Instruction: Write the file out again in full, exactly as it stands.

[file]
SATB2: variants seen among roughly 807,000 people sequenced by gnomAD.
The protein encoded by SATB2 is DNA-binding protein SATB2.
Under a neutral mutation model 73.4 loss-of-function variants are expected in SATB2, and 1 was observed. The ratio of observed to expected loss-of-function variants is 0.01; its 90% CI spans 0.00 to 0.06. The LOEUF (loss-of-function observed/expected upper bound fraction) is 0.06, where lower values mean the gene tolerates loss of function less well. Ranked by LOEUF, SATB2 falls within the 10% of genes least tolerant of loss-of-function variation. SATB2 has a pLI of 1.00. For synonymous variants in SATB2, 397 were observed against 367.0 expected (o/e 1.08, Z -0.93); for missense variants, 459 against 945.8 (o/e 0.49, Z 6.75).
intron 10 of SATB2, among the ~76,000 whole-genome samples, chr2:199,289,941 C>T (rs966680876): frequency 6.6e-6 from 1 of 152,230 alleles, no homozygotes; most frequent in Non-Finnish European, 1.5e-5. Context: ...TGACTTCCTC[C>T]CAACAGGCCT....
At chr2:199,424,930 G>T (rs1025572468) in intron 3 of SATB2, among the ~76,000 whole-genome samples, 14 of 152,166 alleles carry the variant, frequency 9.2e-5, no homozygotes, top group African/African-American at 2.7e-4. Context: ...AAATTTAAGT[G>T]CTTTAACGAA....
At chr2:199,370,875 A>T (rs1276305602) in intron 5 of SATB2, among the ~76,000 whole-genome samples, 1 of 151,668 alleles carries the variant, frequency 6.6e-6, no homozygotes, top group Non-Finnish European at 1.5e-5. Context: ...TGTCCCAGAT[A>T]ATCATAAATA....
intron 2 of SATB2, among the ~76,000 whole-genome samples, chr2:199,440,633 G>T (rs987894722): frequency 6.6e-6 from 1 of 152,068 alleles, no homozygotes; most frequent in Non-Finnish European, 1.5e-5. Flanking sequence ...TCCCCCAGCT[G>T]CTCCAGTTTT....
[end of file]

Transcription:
SATB2: variants seen among roughly 807,000 people sequenced by gnomAD.
The protein encoded by SATB2 is DNA-binding protein SATB2.
Under a neutral mutation model 73.4 loss-of-function variants are expected in SATB2, and 1 was observed. The ratio of observed to expected loss-of-function variants is 0.01; its 90% CI spans 0.00 to 0.06. The LOEUF (loss-of-function observed/expected upper bound fraction) is 0.06, where lower values mean the gene tolerates loss of function less well. Ranked by LOEUF, SATB2 falls within the 10% of genes least tolerant of loss-of-function variation. SATB2 has a pLI of 1.00. For synonymous variants in SATB2, 397 were observed against 367.0 expected (o/e 1.08, Z -0.93); for missense variants, 459 against 945.8 (o/e 0.49, Z 6.75).
intron 10 of SATB2, among the ~76,000 whole-genome samples, chr2:199,289,941 C>T (rs966680876): frequency 6.6e-6 from 1 of 152,230 alleles, no homozygotes; most frequent in Non-Finnish European, 1.5e-5. Context: ...TGACTTCCTC[C>T]CAACAGGCCT....
At chr2:199,424,930 G>T (rs1025572468) in intron 3 of SATB2, among the ~76,000 whole-genome samples, 14 of 152,166 alleles carry the variant, frequency 9.2e-5, no homozygotes, top group African/African-American at 2.7e-4. Context: ...AAATTTAAGT[G>T]CTTTAACGAA....
At chr2:199,370,875 A>T (rs1276305602) in intron 5 of SATB2, among the ~76,000 whole-genome samples, 1 of 151,668 alleles carries the variant, frequency 6.6e-6, no homozygotes, top group Non-Finnish European at 1.5e-5. Context: ...TGTCCCAGAT[A>T]ATCATAAATA....
intron 2 of SATB2, among the ~76,000 whole-genome samples, chr2:199,440,633 G>T (rs987894722): frequency 6.6e-6 from 1 of 152,068 alleles, no homozygotes; most frequent in Non-Finnish European, 1.5e-5. Flanking sequence ...TCCCCCAGCT[G>T]CTCCAGTTTT....